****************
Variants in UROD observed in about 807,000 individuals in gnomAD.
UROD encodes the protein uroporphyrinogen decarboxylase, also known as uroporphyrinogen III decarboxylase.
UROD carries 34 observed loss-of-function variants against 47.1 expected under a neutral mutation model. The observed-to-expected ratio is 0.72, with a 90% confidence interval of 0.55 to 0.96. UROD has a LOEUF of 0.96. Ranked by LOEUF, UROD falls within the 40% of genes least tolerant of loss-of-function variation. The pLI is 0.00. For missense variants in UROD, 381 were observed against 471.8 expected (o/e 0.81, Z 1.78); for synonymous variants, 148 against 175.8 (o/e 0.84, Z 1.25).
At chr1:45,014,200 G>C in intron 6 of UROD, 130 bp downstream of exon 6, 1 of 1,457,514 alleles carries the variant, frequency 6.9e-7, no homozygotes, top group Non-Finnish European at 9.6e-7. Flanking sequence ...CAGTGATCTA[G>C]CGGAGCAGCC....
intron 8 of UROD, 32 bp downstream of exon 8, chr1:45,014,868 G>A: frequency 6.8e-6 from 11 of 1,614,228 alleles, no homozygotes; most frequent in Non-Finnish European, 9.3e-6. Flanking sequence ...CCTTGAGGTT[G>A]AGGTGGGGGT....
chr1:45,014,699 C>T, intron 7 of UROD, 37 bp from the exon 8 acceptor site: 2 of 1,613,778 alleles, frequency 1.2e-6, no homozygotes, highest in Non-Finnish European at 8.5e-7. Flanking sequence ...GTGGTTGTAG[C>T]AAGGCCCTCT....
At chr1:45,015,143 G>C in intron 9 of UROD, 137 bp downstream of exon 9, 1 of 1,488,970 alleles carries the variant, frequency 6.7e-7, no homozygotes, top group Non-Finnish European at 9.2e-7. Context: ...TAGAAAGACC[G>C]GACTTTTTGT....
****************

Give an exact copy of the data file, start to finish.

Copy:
Variants in UROD observed in about 807,000 individuals in gnomAD.
UROD encodes the protein uroporphyrinogen decarboxylase, also known as uroporphyrinogen III decarboxylase.
UROD carries 34 observed loss-of-function variants against 47.1 expected under a neutral mutation model. The observed-to-expected ratio is 0.72, with a 90% confidence interval of 0.55 to 0.96. UROD has a LOEUF of 0.96. Ranked by LOEUF, UROD falls within the 40% of genes least tolerant of loss-of-function variation. The pLI is 0.00. For missense variants in UROD, 381 were observed against 471.8 expected (o/e 0.81, Z 1.78); for synonymous variants, 148 against 175.8 (o/e 0.84, Z 1.25).
At chr1:45,014,200 G>C in intron 6 of UROD, 130 bp downstream of exon 6, 1 of 1,457,514 alleles carries the variant, frequency 6.9e-7, no homozygotes, top group Non-Finnish European at 9.6e-7. Flanking sequence ...CAGTGATCTA[G>C]CGGAGCAGCC....
intron 8 of UROD, 32 bp downstream of exon 8, chr1:45,014,868 G>A: frequency 6.8e-6 from 11 of 1,614,228 alleles, no homozygotes; most frequent in Non-Finnish European, 9.3e-6. Flanking sequence ...CCTTGAGGTT[G>A]AGGTGGGGGT....
chr1:45,014,699 C>T, intron 7 of UROD, 37 bp from the exon 8 acceptor site: 2 of 1,613,778 alleles, frequency 1.2e-6, no homozygotes, highest in Non-Finnish European at 8.5e-7. Flanking sequence ...GTGGTTGTAG[C>T]AAGGCCCTCT....
At chr1:45,015,143 G>C in intron 9 of UROD, 137 bp downstream of exon 9, 1 of 1,488,970 alleles carries the variant, frequency 6.7e-7, no homozygotes, top group Non-Finnish European at 9.2e-7. Context: ...TAGAAAGACC[G>C]GACTTTTTGT....